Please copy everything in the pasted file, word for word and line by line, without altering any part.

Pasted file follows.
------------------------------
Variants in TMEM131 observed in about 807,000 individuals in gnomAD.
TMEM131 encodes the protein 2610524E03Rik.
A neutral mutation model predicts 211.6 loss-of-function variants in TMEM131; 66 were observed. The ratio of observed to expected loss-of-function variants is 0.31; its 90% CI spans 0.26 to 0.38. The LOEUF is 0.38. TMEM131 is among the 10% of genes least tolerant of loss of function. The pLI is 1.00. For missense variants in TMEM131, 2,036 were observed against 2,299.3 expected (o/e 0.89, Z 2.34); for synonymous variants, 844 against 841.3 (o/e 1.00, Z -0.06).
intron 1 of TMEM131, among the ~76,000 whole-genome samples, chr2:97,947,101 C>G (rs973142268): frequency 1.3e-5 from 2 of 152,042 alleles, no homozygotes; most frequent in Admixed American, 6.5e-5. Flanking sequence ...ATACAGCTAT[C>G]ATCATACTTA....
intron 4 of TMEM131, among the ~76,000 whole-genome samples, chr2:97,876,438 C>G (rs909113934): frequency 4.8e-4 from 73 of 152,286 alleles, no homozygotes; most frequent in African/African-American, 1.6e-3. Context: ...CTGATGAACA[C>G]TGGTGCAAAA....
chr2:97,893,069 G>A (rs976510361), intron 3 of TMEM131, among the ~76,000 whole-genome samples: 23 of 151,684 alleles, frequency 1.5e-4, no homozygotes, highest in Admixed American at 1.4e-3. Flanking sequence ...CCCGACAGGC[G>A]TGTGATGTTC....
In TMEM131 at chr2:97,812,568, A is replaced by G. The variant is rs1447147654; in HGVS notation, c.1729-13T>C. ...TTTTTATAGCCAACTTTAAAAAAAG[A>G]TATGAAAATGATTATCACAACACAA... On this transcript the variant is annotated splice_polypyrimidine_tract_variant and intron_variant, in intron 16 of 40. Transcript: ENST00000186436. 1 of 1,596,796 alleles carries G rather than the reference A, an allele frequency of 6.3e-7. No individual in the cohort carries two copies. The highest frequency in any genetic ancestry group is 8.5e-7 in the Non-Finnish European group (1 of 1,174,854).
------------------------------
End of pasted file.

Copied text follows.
Variants in TMEM131 observed in about 807,000 individuals in gnomAD.
TMEM131 encodes the protein 2610524E03Rik.
A neutral mutation model predicts 211.6 loss-of-function variants in TMEM131; 66 were observed. The ratio of observed to expected loss-of-function variants is 0.31; its 90% CI spans 0.26 to 0.38. The LOEUF is 0.38. TMEM131 is among the 10% of genes least tolerant of loss of function. The pLI is 1.00. For missense variants in TMEM131, 2,036 were observed against 2,299.3 expected (o/e 0.89, Z 2.34); for synonymous variants, 844 against 841.3 (o/e 1.00, Z -0.06).
intron 1 of TMEM131, among the ~76,000 whole-genome samples, chr2:97,947,101 C>G (rs973142268): frequency 1.3e-5 from 2 of 152,042 alleles, no homozygotes; most frequent in Admixed American, 6.5e-5. Flanking sequence ...ATACAGCTAT[C>G]ATCATACTTA....
intron 4 of TMEM131, among the ~76,000 whole-genome samples, chr2:97,876,438 C>G (rs909113934): frequency 4.8e-4 from 73 of 152,286 alleles, no homozygotes; most frequent in African/African-American, 1.6e-3. Context: ...CTGATGAACA[C>G]TGGTGCAAAA....
chr2:97,893,069 G>A (rs976510361), intron 3 of TMEM131, among the ~76,000 whole-genome samples: 23 of 151,684 alleles, frequency 1.5e-4, no homozygotes, highest in Admixed American at 1.4e-3. Flanking sequence ...CCCGACAGGC[G>A]TGTGATGTTC....
In TMEM131 at chr2:97,812,568, A is replaced by G. The variant is rs1447147654; in HGVS notation, c.1729-13T>C. ...TTTTTATAGCCAACTTTAAAAAAAG[A>G]TATGAAAATGATTATCACAACACAA... On this transcript the variant is annotated splice_polypyrimidine_tract_variant and intron_variant, in intron 16 of 40. Transcript: ENST00000186436. 1 of 1,596,796 alleles carries G rather than the reference A, an allele frequency of 6.3e-7. No individual in the cohort carries two copies. The highest frequency in any genetic ancestry group is 8.5e-7 in the Non-Finnish European group (1 of 1,174,854).